Cell phones in Cuba help guarantee a technological infrastructure for effective connectivity within the island, and certainly between Cuba and the rest of the world. Cell phones are of great advantage for the Cuban people to communicate, in both cities and remote rural areas. They are key to organizing and promoting social gatherings and events, a hundred percent independent from the government. Cell phones help the extensively separated Cuban families become more unified because they are the most efficient and accessible way, if not the only one, for the Cuban people to reconnect with their loved ones.

What are Cuban youth saying about the Cell Phones 4 Cuba Project? "El cell está de maravillas. Ya lo estoy usando, al igual que muchos otros; incluso otros se han abierto la línea gracias a eso. Un millón de gracias…”
- 22 year old Civil Engineering student in Camagüey

These bridges between families and friends allow the exchange and flow of information, eventually helping the Cubans on the island become more aware of their own reality, and the rest of the world’s. For an isolated country like Cuba to have social development and address the paradigms of information and knowledge, it must have a modern and efficient communication infrastructure, making it possible to access any information quickly and safely.

Thanks to all our donors and supporters, Roots of Hope has been able to send more than 450 cell phones to Cuba this year, each phone having a cost of $40.00. Our goal is to send a total of 10 000 phones or more to the island. Our organization is committed to help the Cuban youth, bringing relief, friendship, love, and hope into the lives of many Cubans on the island.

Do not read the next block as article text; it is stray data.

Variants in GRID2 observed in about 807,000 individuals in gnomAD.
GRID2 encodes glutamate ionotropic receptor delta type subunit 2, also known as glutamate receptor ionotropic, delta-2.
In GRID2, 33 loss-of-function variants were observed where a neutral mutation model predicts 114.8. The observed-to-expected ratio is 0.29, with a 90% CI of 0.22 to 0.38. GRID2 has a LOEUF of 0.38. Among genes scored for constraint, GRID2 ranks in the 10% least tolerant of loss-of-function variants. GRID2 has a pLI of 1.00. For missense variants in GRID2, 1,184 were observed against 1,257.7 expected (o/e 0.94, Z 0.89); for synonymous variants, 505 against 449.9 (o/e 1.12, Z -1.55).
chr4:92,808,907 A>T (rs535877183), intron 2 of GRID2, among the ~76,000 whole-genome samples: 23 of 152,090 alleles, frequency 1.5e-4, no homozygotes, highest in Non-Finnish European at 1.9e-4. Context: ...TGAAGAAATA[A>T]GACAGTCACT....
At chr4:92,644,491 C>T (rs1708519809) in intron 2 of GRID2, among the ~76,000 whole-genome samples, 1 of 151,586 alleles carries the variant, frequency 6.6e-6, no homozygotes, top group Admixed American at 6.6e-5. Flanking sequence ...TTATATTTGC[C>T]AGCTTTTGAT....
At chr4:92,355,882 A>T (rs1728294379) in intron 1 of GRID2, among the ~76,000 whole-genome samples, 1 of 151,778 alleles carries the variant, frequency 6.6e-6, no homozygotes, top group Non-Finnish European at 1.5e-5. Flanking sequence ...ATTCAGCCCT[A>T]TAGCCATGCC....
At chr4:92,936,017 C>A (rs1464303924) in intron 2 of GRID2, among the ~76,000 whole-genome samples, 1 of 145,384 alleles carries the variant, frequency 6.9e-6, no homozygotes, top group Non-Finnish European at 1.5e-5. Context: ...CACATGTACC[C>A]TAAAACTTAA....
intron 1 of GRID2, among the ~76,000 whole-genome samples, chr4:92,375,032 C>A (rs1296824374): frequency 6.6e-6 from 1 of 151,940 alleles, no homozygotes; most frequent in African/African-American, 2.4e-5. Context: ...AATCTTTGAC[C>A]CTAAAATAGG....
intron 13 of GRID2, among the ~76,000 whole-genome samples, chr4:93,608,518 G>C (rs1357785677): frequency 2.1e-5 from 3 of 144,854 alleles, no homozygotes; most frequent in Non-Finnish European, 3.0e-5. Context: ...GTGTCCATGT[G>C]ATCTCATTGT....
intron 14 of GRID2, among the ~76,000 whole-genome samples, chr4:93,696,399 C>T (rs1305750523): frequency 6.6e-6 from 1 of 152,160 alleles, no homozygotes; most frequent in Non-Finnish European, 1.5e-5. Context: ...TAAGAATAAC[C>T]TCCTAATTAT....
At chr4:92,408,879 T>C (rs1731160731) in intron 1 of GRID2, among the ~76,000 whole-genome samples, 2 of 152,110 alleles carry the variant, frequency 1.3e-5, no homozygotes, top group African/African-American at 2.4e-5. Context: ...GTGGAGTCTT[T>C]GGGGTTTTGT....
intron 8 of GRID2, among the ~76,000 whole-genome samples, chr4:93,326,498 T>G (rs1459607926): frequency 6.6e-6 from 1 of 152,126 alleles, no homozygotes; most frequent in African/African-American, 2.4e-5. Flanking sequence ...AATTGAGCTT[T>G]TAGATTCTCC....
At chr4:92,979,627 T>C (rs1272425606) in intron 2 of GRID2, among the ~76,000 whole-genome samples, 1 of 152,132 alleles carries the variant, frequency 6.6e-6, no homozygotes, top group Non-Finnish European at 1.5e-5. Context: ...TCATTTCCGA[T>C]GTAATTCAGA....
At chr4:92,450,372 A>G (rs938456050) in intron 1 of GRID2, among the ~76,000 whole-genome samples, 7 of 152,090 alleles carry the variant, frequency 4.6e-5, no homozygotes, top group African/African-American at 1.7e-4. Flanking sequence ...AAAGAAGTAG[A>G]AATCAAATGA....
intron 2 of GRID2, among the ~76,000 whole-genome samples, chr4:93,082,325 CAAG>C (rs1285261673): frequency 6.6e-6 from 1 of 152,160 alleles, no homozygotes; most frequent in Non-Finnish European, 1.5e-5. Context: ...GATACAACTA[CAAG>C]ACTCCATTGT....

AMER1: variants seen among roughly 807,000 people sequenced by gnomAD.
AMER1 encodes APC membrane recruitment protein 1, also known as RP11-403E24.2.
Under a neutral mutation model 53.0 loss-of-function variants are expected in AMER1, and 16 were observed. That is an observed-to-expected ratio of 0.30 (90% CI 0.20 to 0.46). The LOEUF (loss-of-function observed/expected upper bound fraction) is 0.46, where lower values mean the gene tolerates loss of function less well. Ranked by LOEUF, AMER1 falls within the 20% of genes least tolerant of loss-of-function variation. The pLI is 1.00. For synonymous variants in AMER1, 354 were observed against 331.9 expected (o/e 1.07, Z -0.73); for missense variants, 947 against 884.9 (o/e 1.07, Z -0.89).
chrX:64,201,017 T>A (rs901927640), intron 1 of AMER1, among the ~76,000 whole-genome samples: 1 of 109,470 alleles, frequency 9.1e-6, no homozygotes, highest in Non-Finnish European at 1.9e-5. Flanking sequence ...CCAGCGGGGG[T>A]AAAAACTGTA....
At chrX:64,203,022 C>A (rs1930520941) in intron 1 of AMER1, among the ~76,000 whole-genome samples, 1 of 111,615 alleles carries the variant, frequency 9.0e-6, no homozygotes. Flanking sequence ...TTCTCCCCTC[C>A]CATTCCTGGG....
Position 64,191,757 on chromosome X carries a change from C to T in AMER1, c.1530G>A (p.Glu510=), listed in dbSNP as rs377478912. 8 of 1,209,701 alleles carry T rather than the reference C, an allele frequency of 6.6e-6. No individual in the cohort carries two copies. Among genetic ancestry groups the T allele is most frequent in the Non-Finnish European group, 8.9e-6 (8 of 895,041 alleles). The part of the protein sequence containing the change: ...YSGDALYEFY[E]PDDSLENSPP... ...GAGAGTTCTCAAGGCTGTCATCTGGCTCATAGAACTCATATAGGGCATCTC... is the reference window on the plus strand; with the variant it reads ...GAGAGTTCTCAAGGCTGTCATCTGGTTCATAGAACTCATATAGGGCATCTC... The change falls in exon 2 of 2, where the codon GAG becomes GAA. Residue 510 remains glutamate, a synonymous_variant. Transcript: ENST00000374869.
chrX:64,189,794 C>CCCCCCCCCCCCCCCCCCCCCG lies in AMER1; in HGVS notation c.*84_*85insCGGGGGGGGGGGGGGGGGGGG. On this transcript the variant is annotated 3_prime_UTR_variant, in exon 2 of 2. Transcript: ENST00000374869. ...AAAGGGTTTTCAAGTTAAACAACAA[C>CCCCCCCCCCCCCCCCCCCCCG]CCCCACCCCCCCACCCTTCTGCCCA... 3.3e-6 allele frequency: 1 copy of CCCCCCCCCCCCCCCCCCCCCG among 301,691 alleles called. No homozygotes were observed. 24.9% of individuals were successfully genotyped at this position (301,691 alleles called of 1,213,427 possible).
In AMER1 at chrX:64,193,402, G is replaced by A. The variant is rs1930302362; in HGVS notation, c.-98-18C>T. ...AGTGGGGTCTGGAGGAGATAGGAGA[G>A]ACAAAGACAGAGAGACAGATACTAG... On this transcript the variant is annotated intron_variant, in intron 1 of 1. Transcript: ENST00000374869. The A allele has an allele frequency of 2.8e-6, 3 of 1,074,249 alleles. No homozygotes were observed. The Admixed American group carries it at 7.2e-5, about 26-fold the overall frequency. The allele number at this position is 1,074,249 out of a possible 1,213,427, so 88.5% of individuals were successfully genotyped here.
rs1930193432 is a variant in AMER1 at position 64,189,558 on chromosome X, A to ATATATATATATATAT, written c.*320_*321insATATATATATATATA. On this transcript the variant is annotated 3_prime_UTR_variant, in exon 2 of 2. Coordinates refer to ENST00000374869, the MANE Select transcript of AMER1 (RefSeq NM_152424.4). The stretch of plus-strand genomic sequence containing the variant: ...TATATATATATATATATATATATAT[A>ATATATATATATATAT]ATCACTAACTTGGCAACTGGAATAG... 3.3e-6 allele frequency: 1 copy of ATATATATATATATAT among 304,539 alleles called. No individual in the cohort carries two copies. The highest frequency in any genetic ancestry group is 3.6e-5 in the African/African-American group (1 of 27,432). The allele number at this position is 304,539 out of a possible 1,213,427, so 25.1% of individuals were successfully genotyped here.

The young people who benefit from our services appreciate, from the bottom of their heart, the generosity of all the members of the Roots of Hope family, and all the people that collaborate with us.

What are Cuban youth saying about the Cell Phones 4 Cuba Project?“Realmente conozco personas a quienes les vendrían muy bien esos teléfonos, porque los necesitan, y no pueden comprarlos…”
- 25 year old Industrial Design student in Havana

The youth in Cuba live within an atmosphere of constant pessimism, and their only hope of having a future is leaving the country. Cubans on the island need to know that there are people out there who care about them, and want to give them the support that they need to be able to make the changes that they want in their society. It is empowering to witness and hear of the excitement and gratitude they feel from the support and assistance that we can offer.

What are Cuban youth saying about the Cell Phones 4 Cuba Project?“…es muy noble en realidad esa labor de ustedes. Acá hay mucha gente que necesitan ayuda, y ver que todavía hay personas que ayudan a los otros sin importar nada, es muy gratificante…”
- 23 year old Visual Design student in Havana

Want to impact someone’s life? Join us! We invite you to take a tour of our website and the Roots of Hope and Cells4Cuba Facebook pages.

Our crew is always available to set up a visit for you, or to answer any questions you may have. Don't hesitate to call our office at 305.397.8604, or email us at We would love to keep you updated on the Cuban youth and our campaign through our newsletter and monthly emails.

Monday, July 11, 2011

Featured Blog from Cuba: Orlando Luis Pardo Lazo

Orlando Luis Pardo Lazo was born in Havana on December 10, 1971. This incredibly eloquent Cuban blogger graduated from Havana University in 1994 with a degree in Biochemistry. In an unusual move, left a career in science to be engulfed in the world of literature and citizen journalism.

Orlando has been blogging since 2008 in his blog Lunes de Post-Revolución (Post-Revolution Mondays), in which he reflects on his life - and that of others - within Cuba. For more information, check out a recent interview in a fellow blogger's blog, Claudia Cadelo's.

To read some of Orlando's writings translated into English, see these entries:




In addition, here is a beautiful new post that hasn't been translated yet.

Wednesday, July 6, 2011

Summer Fellows Journal: An Unexpected Surprise

This post marks the third installment of a series of accounts by the 2011 Roots of Hope Summer Fellows, focusing on their experiences, thoughts, and musings over the course of the coming months!

An Unexpected Surprise

By Claudia Diaz